Lesson 11: Doctrine and Covenants 4, 11, 12, 14, 15, 16, 18, 31, 33, 75
Since most of the other sections for this lesson repeat what we find in section 4, I will focus my questions on it.
Verse 1: What is the marvelous work that is about to come forth? The use of the word “about” suggests that, at the time this revelation was given (February 1829), it had not yet come forth. When do you think it either did or will? Notice that this verse is repeated in D&C 6:1, 11:1, 12:1, and 14:1, and it is paraphrased in D&C 18:44. It also appears in the JST version of Isaiah 29:26 (=Isaiah 29:14), and it occurs regularly in the Book of Mormon (eight times). What does the word “marvelous” mean in this context?
Verse 2: The literal meaning of “embark” is “to get on board [a ship].” What does that word suggest here? The phrase “heart, might, mind, and strength” occurs only here. But other combinations of these words are frequent. See, for example, Deuteronomy 6:5, 28:65; 1 Samuel 2:35; 2 Kings 23:25; 1 Chronicles 28:9; Job 9:4; Psalms 38:10, 73:26, 84:5; Daniel 5:20; Matthew 22:37; Mark 12:30, 33; Luke 10:27; 2 Nephi 1:21; Mosiah 7:33; and Ether 4:15. Does looking at other uses of the phrase suggest anything about how to understand it here? Is this a list of four different things, or four different ways of saying the same thing?
Verse 3: Why is having the desire to serve God enough to make us called to the work? To what does “the work” refer here?
Verse 4: Why is the work of the gospel often compared to reaping a field? How does the image in this section compare to other, related images in the scriptures? For example, how does it compare to the Parable of the Sower (Mark 4:3-8) or the Parable of the Seed Growing Secretly (Mark 4:26-29)? What does “salvation” mean in this verse? Doctrine and Covenants 88:15 says that the spirit and the body of man are the soul. Is that the definition that applies here? If so, what does this verse promise?
Verse 5: Why does this verse speak of both charity and love? In other scriptures, don’t the two mean the same? Are they distinct things here, or is the Lord repeating the same thing in different ways to emphasize it? What does it mean to have one’s eye single to the glory of God? When is my eye not single to his glory? Compare this qualification with the promise made in Doctrine and Covenants 88:67. What does the word “single” mean in this context? Compare this to Matthew 6:22 (Luke 11:34), where the Lord says that if our eye is single, then our whole body will be filled with light. Does “single” mean the same in both cases? The Greek word translated “single” in the New Testament could also be translated either “healthy” or “pure,” but it is difficult to understand what “pure to the glory of God” or “healthy to the glory of God” might mean. Does that mean that the passage in Matthew is irrelevant to explaining the meaning of this verse? Does Mormon 8:15 give us a definition of what “eye single to the glory of God” means, or does it give us an example of what it means?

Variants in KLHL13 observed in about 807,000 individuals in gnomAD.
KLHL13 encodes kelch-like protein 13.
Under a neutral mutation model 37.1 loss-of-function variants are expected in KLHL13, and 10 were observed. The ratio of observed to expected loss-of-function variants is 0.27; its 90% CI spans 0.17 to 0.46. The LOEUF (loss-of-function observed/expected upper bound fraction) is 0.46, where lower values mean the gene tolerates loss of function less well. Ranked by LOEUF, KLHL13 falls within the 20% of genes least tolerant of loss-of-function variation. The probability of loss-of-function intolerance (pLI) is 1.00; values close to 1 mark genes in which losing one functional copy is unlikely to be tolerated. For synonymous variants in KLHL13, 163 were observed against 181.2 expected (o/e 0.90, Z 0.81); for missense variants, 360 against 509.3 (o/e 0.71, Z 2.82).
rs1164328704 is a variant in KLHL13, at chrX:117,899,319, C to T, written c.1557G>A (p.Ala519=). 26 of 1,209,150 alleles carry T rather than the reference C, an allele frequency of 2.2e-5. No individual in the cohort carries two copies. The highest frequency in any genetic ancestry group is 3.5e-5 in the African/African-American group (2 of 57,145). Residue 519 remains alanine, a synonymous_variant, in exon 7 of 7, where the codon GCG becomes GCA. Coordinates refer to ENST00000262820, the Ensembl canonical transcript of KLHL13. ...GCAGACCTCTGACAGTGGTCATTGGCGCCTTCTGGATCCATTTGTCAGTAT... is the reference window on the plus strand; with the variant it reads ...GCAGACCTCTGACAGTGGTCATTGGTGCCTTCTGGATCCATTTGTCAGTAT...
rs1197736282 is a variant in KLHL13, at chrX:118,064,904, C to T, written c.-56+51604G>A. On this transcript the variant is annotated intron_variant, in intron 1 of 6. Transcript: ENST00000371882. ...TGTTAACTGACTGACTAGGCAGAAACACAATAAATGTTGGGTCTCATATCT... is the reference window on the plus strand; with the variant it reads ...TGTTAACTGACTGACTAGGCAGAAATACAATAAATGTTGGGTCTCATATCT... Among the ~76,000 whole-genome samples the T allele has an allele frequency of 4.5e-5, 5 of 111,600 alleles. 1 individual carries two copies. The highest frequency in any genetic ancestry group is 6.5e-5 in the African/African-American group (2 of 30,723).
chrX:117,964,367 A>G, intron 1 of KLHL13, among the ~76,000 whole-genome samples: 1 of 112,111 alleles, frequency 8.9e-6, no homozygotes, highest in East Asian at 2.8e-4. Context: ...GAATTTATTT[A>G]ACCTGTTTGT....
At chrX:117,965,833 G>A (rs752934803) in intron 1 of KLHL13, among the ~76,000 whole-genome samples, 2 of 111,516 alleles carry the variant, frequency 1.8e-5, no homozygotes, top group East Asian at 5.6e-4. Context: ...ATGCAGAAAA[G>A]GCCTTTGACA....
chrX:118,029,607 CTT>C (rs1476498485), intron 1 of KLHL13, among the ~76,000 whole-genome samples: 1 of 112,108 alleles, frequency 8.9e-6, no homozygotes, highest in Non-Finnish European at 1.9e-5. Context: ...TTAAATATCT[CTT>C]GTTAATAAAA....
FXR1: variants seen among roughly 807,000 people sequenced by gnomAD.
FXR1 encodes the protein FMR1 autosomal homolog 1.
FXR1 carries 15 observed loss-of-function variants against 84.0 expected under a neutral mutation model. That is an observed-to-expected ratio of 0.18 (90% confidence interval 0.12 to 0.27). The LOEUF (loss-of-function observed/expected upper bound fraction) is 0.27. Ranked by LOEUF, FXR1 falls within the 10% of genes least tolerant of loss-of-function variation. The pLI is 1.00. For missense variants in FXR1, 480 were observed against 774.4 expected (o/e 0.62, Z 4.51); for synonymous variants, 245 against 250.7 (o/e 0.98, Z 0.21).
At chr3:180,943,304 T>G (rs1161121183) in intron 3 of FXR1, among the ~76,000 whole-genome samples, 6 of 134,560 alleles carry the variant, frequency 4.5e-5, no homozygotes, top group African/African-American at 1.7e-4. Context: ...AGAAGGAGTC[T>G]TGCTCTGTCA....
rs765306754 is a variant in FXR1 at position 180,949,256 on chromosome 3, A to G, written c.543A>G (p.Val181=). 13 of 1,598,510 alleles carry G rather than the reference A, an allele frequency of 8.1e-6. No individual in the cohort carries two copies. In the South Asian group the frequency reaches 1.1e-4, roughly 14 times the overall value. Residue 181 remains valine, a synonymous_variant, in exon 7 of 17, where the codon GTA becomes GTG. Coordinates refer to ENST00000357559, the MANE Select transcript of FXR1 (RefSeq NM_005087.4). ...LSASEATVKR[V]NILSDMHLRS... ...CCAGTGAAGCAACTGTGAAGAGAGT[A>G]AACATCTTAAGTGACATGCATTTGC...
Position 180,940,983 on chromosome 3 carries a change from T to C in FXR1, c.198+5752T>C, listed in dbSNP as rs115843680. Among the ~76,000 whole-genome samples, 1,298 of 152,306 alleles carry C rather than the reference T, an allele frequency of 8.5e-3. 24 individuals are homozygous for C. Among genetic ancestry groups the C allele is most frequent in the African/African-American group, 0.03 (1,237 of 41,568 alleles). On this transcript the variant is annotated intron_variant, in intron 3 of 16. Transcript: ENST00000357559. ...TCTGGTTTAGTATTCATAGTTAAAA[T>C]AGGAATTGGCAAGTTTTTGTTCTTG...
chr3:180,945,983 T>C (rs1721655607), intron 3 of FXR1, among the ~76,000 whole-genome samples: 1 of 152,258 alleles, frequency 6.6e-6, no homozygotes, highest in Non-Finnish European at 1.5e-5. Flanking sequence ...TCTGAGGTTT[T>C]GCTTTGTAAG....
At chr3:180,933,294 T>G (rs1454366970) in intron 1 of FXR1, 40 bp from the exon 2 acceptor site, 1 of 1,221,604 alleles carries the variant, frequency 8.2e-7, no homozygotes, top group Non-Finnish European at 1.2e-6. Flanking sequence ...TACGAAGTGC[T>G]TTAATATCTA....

Verse 6: Why do you think the Doctrine and Covenants implicitly refers to these verses in 2 Peter 1:5-9 so often? Look at this comparison of the two lists:
2 Peter D&C 4
godliness brotherly kindness
brotherly kindness godliness
What does that comparison tell us about the qualifications for the work and about the goal of the work? Do you see any significance in the change of order (“brotherly kindness” and “godliness” are reversed)? Why might “humility” and “diligence” have been added in the Doctrine and Covenants revelation?
Here are some alternate translations of the Greek words of 2 Peter:
virtue = excellence
knowledge = knowledge of what really is
temperance = self-discipline
patience = steadfastness, endurance
godliness = holiness, piety
brotherly kindness = brotherly love
charity = love, good will.
Are any of these meanings also helpful in understanding the admonition of the Doctrine and Covenants?
Verse 7: How do you square this verse with the fact that all of us have had the experience of asking and not receiving what we asked for? What does it mean to knock and to have “it” opened? In other words, what is promised and how do we obtain that promise? The word “amen” means something like “so let it be” and signifies agreement. Why does a revelation from the Lord end with that word?